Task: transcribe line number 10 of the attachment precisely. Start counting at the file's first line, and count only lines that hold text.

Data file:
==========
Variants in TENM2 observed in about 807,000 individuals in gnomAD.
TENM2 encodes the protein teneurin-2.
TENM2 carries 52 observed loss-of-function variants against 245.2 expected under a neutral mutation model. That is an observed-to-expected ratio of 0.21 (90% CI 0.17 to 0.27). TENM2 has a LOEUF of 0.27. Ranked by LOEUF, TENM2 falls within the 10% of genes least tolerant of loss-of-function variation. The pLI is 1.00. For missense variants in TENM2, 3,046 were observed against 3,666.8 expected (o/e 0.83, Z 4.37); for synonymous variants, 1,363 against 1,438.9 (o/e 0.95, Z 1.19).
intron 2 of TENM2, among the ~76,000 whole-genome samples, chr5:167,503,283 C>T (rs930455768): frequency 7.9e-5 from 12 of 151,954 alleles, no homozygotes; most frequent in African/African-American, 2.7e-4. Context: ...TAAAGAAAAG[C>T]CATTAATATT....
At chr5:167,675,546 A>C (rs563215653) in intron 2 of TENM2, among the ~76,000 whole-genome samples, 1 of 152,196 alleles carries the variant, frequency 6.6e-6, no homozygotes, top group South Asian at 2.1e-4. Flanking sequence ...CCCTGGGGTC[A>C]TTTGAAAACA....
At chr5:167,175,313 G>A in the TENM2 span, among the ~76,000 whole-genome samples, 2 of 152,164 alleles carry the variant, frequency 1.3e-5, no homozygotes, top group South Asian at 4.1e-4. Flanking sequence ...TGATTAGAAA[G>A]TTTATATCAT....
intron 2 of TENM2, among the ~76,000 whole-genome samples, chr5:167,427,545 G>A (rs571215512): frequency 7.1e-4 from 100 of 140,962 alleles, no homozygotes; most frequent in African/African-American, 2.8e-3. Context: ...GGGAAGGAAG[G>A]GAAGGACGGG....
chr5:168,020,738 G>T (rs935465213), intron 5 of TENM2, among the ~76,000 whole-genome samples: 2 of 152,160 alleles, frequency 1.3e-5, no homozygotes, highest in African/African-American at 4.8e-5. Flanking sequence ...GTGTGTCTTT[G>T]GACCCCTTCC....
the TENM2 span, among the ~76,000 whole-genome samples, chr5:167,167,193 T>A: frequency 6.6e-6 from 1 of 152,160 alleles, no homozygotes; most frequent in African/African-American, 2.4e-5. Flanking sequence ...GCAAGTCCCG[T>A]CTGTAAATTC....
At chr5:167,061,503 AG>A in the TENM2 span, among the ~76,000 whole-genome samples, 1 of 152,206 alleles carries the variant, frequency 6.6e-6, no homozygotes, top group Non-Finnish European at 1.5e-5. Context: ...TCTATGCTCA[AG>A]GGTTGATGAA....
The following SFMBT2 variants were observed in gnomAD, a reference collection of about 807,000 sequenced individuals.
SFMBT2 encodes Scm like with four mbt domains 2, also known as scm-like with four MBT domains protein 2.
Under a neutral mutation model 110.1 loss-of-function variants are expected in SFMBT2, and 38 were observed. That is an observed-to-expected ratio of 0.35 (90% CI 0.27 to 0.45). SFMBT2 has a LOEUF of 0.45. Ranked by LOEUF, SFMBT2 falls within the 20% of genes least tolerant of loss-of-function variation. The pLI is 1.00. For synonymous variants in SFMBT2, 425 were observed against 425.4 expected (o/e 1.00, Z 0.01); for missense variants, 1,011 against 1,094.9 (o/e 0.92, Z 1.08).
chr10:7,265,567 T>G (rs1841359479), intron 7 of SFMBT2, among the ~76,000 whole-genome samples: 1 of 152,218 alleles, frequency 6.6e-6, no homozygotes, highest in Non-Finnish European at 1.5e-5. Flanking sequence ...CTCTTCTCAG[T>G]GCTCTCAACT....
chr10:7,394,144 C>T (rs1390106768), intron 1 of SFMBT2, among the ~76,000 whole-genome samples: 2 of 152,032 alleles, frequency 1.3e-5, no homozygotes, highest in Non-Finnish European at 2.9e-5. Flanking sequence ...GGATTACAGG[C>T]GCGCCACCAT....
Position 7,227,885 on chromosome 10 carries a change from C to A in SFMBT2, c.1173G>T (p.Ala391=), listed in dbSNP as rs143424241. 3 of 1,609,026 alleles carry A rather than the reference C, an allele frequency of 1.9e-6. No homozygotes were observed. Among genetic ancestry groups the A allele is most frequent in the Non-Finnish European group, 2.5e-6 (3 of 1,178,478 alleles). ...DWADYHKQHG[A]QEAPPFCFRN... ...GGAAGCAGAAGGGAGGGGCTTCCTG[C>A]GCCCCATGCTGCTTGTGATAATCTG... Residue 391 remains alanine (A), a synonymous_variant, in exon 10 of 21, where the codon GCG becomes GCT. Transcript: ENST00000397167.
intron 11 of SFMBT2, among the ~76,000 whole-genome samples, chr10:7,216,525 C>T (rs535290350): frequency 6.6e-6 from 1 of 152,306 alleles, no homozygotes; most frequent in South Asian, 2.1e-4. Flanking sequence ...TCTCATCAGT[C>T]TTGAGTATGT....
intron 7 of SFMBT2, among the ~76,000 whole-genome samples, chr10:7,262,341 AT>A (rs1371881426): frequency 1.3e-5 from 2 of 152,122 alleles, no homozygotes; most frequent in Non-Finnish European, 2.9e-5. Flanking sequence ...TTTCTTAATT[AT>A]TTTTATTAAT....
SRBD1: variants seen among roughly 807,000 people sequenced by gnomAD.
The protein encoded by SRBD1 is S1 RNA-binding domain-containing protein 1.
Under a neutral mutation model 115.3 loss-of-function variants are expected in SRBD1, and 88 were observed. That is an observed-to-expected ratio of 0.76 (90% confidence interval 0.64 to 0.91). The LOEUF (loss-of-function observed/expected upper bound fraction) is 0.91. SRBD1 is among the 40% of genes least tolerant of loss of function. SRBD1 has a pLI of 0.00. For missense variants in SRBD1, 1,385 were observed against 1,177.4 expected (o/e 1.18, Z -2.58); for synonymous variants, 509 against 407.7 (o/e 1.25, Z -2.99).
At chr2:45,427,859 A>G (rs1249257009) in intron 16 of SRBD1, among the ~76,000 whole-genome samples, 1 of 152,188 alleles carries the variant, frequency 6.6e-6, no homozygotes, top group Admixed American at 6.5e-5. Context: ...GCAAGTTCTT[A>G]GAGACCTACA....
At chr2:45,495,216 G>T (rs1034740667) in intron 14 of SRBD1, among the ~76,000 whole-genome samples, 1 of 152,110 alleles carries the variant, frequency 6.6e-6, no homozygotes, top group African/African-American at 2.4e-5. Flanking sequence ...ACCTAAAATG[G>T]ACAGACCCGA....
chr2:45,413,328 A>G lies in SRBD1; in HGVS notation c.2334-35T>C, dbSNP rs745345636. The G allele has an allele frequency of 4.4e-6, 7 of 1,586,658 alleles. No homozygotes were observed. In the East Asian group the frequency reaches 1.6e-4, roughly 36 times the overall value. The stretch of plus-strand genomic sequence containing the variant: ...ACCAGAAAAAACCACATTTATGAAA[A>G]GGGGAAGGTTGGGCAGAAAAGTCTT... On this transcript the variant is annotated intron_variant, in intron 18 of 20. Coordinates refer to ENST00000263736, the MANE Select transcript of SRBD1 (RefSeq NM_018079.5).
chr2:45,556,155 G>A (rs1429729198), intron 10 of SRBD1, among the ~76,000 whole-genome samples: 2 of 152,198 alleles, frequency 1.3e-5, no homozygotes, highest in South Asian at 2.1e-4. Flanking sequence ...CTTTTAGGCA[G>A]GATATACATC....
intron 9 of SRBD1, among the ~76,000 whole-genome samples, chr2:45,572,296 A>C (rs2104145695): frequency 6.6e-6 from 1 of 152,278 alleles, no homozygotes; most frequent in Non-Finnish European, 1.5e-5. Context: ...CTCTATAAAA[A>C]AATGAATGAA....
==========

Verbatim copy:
At chr5:167,061,503 AG>A in the TENM2 span, among the ~76,000 whole-genome samples, 1 of 152,206 alleles carries the variant, frequency 6.6e-6, no homozygotes, top group Non-Finnish European at 1.5e-5. Context: ...TCTATGCTCA[AG>A]GGTTGATGAA....